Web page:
1. I am so glad that you discovered your true band size, it really is the foundation of your correct bra fit. I'm sorry that the industry hasn't caught up enough to create 26 bands in abundance. Have you checked out the Bra Band Project (a call for more 26 bands)

      BTW I love your username - it's one of my FAVOURITE Sherlock episodes! xx

  4. Hoping you can answer this right away! I'm on your site right now & want to order a bra now. I measured my rib cage, 30". I measured the fullest part of my bust, 36.5". According to your bra calculator, I'm a 30G (30H US equiv). However, according to your "write it down & look up the difference chart", I have 6.5" difference, so I'd be a 30FF (30G US equiv). Why is this not the same? How do I know which one to go with??

    1. Hello - Right now don't worry about the measurement techniques and ask yourself the following questions. Does your 30G size feel good? If so there's no need to change.
      If the cups cover your whole bust but your band feels loose then I'd choose a 28GG.
      If your band feels good but your cups feel too small try a 30GG. If your band feels good but your cups feel too big try a 30FF.

      Your bra size depends on other factors like your height and breast shape so the calculator and measuring techniques are there as a guide to be used alongside good fit indicators (like a snug band and smooth cups)

      I hope that helps - for more immediate help email

    2. Thx. Right now, I'm wearing a 32FF. I got the bra from a local store who fitted me just by trying different bras on me, not by actually measuring. It was also before I gained 15 lbs & then lost 15 lbs again (all while wearing that 32FF bra).

      I think, in my 32FF bra, the band is a bit big (rides up just a bit in the back) & the cups may be too big (I don't tend to completely fill the cups in that triangle of material where the strap connects to the cup in the front).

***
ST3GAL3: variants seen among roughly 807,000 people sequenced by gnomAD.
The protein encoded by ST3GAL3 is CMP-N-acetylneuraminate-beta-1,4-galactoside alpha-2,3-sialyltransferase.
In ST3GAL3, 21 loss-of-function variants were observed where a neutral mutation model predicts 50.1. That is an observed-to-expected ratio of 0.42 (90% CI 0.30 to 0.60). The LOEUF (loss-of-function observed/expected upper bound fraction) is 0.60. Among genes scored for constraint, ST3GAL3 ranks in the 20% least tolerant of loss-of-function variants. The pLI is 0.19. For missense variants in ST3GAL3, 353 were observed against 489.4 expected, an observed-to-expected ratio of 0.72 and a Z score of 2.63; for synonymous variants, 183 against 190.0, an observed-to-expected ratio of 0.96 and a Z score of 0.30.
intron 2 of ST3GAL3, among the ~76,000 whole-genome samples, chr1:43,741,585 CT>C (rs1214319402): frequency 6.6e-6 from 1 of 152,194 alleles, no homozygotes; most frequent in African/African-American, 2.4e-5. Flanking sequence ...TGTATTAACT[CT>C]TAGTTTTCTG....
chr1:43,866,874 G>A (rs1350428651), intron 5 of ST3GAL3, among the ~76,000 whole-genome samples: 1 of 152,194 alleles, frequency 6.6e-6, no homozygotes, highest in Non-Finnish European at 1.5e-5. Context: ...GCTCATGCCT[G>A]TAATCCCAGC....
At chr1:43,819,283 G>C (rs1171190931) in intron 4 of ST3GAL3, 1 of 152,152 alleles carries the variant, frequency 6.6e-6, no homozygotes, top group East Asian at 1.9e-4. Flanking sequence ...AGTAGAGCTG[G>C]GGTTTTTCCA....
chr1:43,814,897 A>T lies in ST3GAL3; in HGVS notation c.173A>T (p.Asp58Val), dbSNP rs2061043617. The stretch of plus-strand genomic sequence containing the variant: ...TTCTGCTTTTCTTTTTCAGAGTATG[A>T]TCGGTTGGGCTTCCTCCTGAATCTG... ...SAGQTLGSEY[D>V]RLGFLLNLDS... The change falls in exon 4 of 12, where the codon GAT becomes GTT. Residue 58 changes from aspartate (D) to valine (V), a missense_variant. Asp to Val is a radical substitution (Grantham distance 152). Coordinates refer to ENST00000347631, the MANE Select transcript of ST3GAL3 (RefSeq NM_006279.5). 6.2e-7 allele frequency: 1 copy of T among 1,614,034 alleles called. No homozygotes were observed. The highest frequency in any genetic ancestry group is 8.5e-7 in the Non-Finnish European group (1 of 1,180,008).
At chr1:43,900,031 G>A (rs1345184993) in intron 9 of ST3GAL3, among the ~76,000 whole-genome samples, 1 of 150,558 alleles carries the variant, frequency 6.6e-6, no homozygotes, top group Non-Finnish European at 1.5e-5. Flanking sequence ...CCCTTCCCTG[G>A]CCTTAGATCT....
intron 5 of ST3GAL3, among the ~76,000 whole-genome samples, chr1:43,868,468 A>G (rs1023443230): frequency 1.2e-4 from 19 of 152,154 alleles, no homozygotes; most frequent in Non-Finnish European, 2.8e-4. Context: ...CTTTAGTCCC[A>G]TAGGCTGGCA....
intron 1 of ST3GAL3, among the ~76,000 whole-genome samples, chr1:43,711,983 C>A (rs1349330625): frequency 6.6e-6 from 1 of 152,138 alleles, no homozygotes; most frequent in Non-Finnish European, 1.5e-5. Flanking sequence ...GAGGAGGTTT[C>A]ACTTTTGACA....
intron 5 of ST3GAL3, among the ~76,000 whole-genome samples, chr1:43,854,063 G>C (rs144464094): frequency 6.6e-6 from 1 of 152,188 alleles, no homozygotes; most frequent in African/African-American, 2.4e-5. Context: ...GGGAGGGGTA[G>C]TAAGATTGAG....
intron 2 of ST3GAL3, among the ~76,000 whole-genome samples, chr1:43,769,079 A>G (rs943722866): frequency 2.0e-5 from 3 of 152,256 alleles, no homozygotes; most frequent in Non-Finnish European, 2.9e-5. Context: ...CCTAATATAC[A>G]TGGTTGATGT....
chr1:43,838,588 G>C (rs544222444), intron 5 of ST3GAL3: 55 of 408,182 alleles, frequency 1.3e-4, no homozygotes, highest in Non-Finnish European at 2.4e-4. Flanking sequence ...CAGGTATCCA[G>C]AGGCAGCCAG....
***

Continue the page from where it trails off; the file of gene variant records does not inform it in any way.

I measured, as I said above & I'm now 30" around the rib cage & 36.5" around the fullest part of my bust. So, does that equal a 30FF/30G? OR, do I go by the size your calculator spat out, 30G/30H?

      I ask, because if you look up a G/H cup, the difference between bust & rib cage is supposed to be 8". My difference is 6.5 (rounded up to 7", I guess).

    3. Lots of women have some gaping in the cup near the armpit if they have shallow breasts at the top. If you feel like you are filling your cup well everywhere else then I'd try a 30G as this has the same cup volume as your 32FF but a tighter band. If you think it's more than just a little gaping and is actually affecting the support your cup is giving you then come down to a 30FF as this will be smaller in the cup than your 32FF. xx

    4. K, this is HONESTLY my last reply! I just wanted to say thx so much for your help with this!! You are awesome! :)

    5. HAHA! This is honestly my last reply too (unless you need us again!) Bra help is why we're here xx

  5. Hello. First of all I would like to say thank you for this site and for these blogs. I have found these quite helpful, more so than anywhere else I have looked. I do have a couple questions, and I have to apologize in advance as I am quite naive when it comes to self measurement and bra shopping, which is probably why I continually wear the wrong fitting bras. I am hoping you can help and that will change very quickly.

    I have nursed all 5 of my children, including my last which were a set of twins. A couple weeks after the twins were born I decided to get professionally measured at Victoria Secrets so I could get proper fitting nursing bras. My measurements at that time were band size: 29 and bust size: 41. They said my bra size was a 34DD. I bought 2 regular nursing bras and 2 bras to sleep in going off that measurement. The bras fit somewhat. The band rides up high on my back and the straps are always falling down, but the more I tighten the straps, the more the band rides up. I am thinking that the band is too loose? The cups do not come up all the way on the sides near the arm pits. There is about a 2" showing of side boob underneath the arm pit before the bra actually starts, and at the top of the bra in the front, it presses down to create what I call "twin boob" or spillage. In this case I'm guessing that the cups are too small?